During the meeting, council discussed a future commitment of $3 million towards the Union Station project. Comments were generally positive about the station and it really feels that Raleigh and NCDOT want this project to succeed. With a 6-1 vote, the council approved the additional funds.

The city also approved the allocation of funds towards development of a schematic design for the project.

Bus Traffic at Moore Square Station

We haven’t talked about it on this blog before but there have been grumblings about the bus and pedestrian traffic along Wilmington Street and the effect it has on nearby businesses. To catch readers up, I’ll point you to a few articles from the local news media:

Business owners and residents in the Moore Square area met with the City of Raleigh on Tuesday, trying to come up with ways to address loitering, panhandling and bus congestion in the Moore Square District.

*Downtown Raleigh residents decry loitering, panhandling, ‘riff-raff’

Business owners say the crowds, coupled with bus congestion along the street, create an uninviting atmosphere for customers.

*New merchants chafe at crowds from Moore Square bus terminal

Here’s an alternative viewpoint from Barry Saunders at the N&O.

Here’s my advice to the business owners who are so dismayed that a city’s downtown transit center has people occupying various rungs of the social ladder: go out and meet them and talk to them. You may find that they are just like you, except they don’t have a car.

*Saunders: Respect needed among Moore Square’s old and new

Now that you are caught up, at the city council meeting this week, the recommendations from the Law and Public Safety Committee were unanimously approved. Those include:

  • Expand the bus zone on Wilmington Street to relieve bus congestion.
  • Move the R-16 Moore Square Deck station south of Martin Street.
  • The R-Line will now always run along the nighttime route that rounds Moore Square.
  • Immediate upgrades to the Moore Square Station including better pedestrian access, lighting, and safety upgrades.

While this may or may not solve the bus traffic issue on Wilmington Street, the R-Line may be the victim. R-Line riders could potentially experience added wait time as the bus will always make the trip around Moore Square rather than driving straight up Wilmington Street during the daytime operating hours. However, this may be a temporary solution until the Moore Square Bus Station is significantly upgraded for more bus capacity.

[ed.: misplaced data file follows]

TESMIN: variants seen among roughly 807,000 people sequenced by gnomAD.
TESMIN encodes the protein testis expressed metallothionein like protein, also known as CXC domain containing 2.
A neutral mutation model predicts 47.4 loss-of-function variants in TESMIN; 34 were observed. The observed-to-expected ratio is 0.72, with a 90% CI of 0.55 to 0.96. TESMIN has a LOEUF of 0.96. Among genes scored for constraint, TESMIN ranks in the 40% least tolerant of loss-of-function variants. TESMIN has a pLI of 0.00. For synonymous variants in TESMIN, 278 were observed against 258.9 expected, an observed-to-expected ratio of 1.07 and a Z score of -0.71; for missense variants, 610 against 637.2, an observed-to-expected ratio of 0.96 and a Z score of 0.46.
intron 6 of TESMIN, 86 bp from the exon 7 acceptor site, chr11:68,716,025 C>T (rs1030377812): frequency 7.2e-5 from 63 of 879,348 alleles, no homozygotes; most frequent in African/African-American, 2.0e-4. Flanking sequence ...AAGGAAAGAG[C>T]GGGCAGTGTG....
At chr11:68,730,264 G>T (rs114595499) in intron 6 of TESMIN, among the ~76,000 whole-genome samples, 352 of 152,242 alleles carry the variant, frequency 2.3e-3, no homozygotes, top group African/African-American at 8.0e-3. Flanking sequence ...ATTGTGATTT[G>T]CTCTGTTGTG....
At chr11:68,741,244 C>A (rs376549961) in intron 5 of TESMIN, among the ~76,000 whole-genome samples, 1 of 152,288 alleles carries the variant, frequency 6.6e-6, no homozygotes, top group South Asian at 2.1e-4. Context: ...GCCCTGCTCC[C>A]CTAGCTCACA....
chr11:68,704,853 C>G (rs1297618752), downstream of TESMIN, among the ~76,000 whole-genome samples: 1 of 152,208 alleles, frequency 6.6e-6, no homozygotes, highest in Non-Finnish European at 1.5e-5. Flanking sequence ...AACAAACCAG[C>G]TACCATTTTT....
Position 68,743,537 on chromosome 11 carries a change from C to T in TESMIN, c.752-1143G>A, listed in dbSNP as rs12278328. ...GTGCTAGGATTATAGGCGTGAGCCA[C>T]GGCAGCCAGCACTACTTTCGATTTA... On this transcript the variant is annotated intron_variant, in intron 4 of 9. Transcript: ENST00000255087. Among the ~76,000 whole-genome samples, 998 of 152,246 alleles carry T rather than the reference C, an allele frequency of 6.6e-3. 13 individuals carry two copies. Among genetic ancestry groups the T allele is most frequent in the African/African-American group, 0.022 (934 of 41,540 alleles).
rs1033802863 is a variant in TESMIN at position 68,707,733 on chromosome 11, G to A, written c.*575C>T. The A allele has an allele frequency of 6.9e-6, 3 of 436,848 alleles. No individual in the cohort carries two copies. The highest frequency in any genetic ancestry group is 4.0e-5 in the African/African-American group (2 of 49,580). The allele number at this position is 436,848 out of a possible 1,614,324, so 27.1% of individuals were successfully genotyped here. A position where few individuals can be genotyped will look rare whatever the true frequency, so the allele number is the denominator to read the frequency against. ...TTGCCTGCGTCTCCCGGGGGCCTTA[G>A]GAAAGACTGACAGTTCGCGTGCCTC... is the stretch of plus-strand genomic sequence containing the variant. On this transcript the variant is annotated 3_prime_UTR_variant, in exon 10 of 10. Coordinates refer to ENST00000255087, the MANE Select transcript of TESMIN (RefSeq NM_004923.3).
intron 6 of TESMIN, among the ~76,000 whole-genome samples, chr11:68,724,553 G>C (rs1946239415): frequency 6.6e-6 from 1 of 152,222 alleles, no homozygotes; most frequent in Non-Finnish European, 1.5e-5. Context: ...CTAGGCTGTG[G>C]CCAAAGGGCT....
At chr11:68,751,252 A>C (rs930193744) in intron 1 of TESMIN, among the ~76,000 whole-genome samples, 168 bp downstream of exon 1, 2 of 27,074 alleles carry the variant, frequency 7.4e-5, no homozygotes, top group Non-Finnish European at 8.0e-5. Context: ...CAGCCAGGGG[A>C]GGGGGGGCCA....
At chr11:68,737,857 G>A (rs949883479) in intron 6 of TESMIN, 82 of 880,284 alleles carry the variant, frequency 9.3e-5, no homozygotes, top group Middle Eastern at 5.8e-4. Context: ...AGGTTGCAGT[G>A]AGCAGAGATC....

Petition For R-Line to Cameron Village Circulates

I saw this link on Twitter of a petition by some Raleigh residents that want the R-Line to be extended to Cameron Village. The petition states:

Lets bring the bus closer to us and bring new crowds over to Cameron Village at the same time.  This petition is to help bring the R-line to Cameron Village for a closer and less hassle way to get downtown and back so you don’t have to worry about finding downtown parking spaces and/or of walking long distances.  Together lets bring the bus to us so that we have a faster connection to downtown Raleigh.

As of this writing, there are over 110 signatures, probably more since I’ve now helped spread the word by blogging about it.

The twitterverse was quick to point out the already running bus routes to Cameron Village, the #12 and #16, and how this is really not needed. I kind of agree with this thinking as having a transit network with redundant services competing for riders is a waste of money and just plain inefficient.

Take a look at the RaleighRides site and check #12 and #16 so you can see the route maps overlaid with each other. The coverage is perfectly adequate to get people from downtown Raleigh to Cameron Village. Here are the hours of each route.

Route 12 Operates:
Monday – Friday from 5:45 AM – 11:00 PM
Saturday from 6:45 AM – 11:00 PM
Sunday from 8:00 AM – 8:00 PM

Route 16 Operates:
5:45 AM – 7:45 PM Monday – Friday
6:45 AM – 7:00 PM Saturday

The bus frequency is where the R-Line wins out over the CAT routes. Most of the time, the R-Line has two buses running resulting in 15 minute frequencies. That’s an average wait time of 7.5 minutes. At peak hours, the two CAT routes operate at a 30 minute frequency, off peak 1 hour frequency, that’s a 15 and 30 minute average wait time respectively.

Now what we have to consider is an added wait time to the R-Line if it was extended to Cameron Village. The city owns three R-Line buses, two for operation and one as a backup when one goes down. Running three is most likely not a good idea so the extended route would be run with two unless a new hybrid-electric bus is bought to up the R-Line fleet to four.

Using my Google Map skills, I calculated that the current R-Line route is 3.9 miles (the after 6:30pm) route. Let’s assume two buses can handle a 15 minute frequency with a 3.9 mile loop.

If the R-Line were to be extended to Cameron Village, the most logical route would be what the CAT #12 does today. I extended the Peace Street piece of the R-Line up to Bellwood Drive and Cameron Street. A left on Oberlin and some roundabout action could shoot the bus back down Hillsborough or Morgan into downtown. This fictional route creates a 5.6 mile loop.

So for a review, the current system has 2 buses serving a 15 minute frequency over 3.9 miles. The fictional route to Cameron Village will have 2 buses running a loop that is 5.6 miles. What frequency will this route be?